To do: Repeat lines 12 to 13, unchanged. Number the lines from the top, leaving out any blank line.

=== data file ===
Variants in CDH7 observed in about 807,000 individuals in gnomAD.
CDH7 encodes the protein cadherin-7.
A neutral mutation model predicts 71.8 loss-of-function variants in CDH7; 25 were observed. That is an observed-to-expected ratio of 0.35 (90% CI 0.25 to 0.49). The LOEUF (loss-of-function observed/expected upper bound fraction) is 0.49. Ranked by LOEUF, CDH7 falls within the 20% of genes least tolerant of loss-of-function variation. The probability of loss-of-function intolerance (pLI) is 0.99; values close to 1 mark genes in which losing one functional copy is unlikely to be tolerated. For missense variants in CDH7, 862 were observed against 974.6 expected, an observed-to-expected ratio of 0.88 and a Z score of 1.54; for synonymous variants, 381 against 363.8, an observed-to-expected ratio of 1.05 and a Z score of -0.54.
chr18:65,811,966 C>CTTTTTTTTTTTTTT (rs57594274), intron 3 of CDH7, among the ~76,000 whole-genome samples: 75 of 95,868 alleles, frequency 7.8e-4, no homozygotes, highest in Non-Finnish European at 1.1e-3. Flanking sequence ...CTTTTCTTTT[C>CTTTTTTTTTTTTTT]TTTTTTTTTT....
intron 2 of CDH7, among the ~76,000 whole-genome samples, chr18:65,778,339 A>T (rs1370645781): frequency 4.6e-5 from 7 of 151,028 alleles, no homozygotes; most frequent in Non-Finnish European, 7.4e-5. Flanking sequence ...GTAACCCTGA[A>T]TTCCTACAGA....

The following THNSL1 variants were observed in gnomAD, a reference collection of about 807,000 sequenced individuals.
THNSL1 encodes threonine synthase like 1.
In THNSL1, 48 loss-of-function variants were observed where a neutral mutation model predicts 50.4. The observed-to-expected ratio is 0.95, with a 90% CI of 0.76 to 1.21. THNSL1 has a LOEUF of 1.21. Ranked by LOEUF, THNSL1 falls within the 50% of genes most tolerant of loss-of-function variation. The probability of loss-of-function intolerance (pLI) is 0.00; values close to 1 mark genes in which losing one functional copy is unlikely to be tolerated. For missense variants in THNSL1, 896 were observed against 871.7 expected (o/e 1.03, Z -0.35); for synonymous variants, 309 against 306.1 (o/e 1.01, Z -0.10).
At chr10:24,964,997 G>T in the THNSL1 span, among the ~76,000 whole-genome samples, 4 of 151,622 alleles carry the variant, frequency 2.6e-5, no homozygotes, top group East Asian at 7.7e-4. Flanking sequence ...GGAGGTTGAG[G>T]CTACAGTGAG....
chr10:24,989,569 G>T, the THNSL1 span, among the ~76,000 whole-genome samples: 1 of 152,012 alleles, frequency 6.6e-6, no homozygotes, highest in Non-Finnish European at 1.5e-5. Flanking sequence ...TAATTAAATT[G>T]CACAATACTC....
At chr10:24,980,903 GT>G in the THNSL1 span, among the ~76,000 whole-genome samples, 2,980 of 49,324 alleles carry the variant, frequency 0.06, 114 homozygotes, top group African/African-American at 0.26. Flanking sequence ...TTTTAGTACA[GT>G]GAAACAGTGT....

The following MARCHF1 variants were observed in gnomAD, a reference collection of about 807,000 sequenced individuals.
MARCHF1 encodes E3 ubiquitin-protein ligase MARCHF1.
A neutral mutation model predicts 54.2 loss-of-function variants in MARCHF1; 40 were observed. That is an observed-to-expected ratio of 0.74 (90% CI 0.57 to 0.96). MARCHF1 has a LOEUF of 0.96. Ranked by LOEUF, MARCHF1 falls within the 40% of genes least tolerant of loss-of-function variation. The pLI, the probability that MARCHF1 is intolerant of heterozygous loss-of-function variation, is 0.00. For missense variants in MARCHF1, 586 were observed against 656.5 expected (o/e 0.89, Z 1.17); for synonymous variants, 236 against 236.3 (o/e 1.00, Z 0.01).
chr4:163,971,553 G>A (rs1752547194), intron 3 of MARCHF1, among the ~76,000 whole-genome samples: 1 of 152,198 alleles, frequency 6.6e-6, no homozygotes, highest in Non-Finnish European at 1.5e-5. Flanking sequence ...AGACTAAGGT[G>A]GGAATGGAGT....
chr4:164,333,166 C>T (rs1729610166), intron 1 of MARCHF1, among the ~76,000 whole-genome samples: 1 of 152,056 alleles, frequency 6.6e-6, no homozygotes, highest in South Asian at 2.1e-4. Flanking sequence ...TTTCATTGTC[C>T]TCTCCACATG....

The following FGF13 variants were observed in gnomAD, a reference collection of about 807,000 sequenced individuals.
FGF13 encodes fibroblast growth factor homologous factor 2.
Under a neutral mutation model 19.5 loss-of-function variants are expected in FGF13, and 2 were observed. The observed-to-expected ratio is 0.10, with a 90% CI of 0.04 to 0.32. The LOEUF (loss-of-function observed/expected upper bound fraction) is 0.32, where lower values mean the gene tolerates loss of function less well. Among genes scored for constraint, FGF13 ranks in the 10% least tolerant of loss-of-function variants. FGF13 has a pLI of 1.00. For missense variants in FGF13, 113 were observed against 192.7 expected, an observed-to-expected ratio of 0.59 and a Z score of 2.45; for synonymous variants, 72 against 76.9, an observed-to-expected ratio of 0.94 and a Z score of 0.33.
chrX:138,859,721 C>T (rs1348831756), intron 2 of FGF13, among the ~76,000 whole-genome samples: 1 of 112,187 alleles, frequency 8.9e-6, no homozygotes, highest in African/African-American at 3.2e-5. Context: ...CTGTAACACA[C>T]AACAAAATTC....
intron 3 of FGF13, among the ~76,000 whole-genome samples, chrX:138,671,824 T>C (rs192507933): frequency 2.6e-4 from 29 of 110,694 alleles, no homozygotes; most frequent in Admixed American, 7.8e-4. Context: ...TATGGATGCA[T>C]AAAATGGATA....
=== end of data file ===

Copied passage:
The following MARCHF1 variants were observed in gnomAD, a reference collection of about 807,000 sequenced individuals.
MARCHF1 encodes E3 ubiquitin-protein ligase MARCHF1.